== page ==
There are only a few types of interviews out there: The good, the bad, and the mediocre. The interviewer has many responsibilities during this critical first—or second—meeting. Here’s a list of what separates a great interview from a not-so-great one
1. Open ended questions: If you ask these kinds of questions, the person being interviewed is forced to answer in complete sentences and
will often give a more honest answer. It’s easier to lie about skills when asked: “Can you do this?” rather than “What skills do you have that would help you be successful in this role?”
2. Single-task: We would all like to believe that we are great at multi-tasking. We often check our emails when we are writing a report as we are brewing a coffee. During an interview, set your other tasks aside. Really focus on the person in front of you. This will ensure that you are absorbing the essence of the person across the table.
3.Know your candidate: You should get to know this person through phone screens, social media accounts, resumes, references, or previous work. While, knowing too much could lead to an unprofessional conversation, just find enough information to get a feel for who your
interviewee is. A great professional place to look is on their LinkedIn profile. If you do your research, you may be able to ask more questions that are relative to the person you are interviewing. There’s nothing worse than a canned interview. If there is no personalization to the interview,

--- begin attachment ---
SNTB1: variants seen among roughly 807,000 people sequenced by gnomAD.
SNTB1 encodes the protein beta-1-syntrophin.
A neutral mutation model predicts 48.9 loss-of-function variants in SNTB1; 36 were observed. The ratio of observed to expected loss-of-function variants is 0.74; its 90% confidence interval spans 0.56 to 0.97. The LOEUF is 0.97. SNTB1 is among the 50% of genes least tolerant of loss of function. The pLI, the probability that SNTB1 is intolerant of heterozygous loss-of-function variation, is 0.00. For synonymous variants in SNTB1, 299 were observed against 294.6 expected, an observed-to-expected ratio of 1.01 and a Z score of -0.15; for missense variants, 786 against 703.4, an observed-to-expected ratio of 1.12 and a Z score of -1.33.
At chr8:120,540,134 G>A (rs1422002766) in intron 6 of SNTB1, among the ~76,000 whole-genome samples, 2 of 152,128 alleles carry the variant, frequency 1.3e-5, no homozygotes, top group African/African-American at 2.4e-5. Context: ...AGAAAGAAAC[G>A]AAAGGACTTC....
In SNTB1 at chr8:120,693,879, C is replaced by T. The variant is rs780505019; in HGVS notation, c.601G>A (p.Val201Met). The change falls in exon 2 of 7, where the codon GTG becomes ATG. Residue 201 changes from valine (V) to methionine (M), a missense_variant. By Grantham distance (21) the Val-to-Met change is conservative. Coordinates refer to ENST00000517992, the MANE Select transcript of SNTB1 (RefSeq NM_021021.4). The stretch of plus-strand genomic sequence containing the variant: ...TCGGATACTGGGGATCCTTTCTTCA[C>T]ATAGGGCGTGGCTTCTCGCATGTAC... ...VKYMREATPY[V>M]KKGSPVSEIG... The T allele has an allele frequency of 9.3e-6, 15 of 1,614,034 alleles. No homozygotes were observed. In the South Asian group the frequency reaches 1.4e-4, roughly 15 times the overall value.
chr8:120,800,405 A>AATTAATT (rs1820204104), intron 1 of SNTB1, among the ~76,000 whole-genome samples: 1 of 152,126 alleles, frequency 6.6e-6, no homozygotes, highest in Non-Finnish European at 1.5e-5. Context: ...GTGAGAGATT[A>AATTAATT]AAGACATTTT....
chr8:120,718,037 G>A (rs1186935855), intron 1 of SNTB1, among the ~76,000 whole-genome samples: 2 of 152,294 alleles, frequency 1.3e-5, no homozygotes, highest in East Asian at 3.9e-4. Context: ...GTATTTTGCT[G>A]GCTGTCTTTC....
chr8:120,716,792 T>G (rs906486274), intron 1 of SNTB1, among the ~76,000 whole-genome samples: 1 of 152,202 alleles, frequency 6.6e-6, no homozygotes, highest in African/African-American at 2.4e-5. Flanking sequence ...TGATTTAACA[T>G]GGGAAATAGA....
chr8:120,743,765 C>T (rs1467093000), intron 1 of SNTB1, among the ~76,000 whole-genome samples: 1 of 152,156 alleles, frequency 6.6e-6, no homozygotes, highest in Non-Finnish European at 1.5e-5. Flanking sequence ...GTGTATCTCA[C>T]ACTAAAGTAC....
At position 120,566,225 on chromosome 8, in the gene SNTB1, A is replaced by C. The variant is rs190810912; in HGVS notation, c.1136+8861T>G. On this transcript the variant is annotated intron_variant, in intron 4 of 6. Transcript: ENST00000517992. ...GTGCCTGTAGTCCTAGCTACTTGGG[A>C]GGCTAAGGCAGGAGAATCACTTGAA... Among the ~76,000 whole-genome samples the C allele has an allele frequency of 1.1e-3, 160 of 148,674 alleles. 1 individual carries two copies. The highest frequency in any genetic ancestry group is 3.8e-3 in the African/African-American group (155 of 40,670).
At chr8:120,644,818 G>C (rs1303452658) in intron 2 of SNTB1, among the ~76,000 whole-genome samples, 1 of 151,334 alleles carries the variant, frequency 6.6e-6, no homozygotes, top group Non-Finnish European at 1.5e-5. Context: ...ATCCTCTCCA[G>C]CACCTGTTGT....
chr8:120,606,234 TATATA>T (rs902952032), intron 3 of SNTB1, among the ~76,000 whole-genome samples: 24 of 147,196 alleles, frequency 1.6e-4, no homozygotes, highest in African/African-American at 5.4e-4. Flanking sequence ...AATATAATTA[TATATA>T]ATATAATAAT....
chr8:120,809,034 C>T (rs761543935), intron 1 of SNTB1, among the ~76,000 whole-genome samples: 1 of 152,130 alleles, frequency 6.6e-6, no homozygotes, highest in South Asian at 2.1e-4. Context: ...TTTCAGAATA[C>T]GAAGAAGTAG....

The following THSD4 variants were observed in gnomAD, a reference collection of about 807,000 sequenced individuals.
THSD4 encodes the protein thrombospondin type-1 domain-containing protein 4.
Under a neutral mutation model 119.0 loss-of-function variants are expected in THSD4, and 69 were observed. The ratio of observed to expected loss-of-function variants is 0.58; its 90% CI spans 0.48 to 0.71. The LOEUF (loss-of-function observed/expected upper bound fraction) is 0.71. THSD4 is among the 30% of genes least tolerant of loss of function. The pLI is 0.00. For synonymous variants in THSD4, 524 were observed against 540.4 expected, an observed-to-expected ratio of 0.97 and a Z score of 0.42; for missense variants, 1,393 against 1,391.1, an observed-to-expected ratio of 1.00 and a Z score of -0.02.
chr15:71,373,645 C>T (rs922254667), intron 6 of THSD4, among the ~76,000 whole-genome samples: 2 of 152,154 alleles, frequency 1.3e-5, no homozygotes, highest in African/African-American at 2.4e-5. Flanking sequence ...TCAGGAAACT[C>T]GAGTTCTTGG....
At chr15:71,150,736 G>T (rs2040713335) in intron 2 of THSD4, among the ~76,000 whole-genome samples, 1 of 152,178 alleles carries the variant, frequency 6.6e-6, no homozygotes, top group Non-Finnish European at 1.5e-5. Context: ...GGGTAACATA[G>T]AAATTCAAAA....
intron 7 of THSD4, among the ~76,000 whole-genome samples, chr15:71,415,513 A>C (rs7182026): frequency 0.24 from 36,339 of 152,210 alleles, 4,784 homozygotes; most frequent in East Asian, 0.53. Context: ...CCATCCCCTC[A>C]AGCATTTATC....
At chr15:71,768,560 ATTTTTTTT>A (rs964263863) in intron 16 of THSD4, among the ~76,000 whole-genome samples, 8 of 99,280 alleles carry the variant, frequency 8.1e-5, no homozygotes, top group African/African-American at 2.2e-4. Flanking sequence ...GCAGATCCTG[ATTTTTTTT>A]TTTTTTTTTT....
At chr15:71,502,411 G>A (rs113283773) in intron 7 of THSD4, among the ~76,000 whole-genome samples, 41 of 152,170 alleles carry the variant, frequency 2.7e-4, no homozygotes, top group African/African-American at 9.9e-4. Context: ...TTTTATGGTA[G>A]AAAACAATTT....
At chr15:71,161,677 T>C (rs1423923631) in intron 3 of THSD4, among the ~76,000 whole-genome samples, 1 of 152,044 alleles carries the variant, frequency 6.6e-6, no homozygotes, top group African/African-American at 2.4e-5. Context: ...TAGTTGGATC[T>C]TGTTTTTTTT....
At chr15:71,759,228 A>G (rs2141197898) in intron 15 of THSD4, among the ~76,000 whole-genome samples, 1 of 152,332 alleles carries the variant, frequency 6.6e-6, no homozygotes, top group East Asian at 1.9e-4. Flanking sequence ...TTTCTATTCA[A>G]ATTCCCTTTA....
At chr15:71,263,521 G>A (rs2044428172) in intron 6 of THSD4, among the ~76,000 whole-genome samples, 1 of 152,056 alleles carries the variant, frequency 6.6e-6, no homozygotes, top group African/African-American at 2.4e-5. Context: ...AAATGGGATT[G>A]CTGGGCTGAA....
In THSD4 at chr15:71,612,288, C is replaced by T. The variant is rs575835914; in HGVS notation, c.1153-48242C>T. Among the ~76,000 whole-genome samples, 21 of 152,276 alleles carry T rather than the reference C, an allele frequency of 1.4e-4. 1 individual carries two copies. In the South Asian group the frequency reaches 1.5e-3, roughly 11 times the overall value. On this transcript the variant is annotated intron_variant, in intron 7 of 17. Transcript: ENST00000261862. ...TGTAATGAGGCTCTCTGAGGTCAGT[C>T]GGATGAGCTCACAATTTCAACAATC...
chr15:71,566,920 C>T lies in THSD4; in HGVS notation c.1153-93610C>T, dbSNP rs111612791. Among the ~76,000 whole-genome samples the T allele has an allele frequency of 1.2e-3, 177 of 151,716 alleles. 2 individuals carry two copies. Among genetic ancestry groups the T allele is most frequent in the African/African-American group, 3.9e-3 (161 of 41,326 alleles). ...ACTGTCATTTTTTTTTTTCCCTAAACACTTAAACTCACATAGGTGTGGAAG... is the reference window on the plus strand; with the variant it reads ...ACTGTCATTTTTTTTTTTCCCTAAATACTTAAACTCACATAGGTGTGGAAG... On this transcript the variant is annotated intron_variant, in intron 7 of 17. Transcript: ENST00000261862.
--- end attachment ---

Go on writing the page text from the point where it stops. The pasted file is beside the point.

4. Be empathetic: Odds are, you’ve had to go through a series of interviews in order to get where you are today. Try to look back on how you felt during the process. Remember what you liked and didn’t like during your experiences and try to tailor the interview to the individual sitting in front of you. Maybe even ask for their input, so you can continue to tweak your process. If you act uninterested or blasé during an interview, that’s how the candidate is going to react. If you don’t care about how the interview goes, you can’t expect anyone else to.
5. Be clear: For an interview to be successful, you and the interviewee should feel like something was gained from the conversation. You need to be honest about the expectations, what the job entails, and what will be expected from the candidate. An interview based in open honesty will translate into a candidate who is honest. Being dishonest will break the trust between employee and supervisor before there was even any to break. This almost ensures their departure from your organization.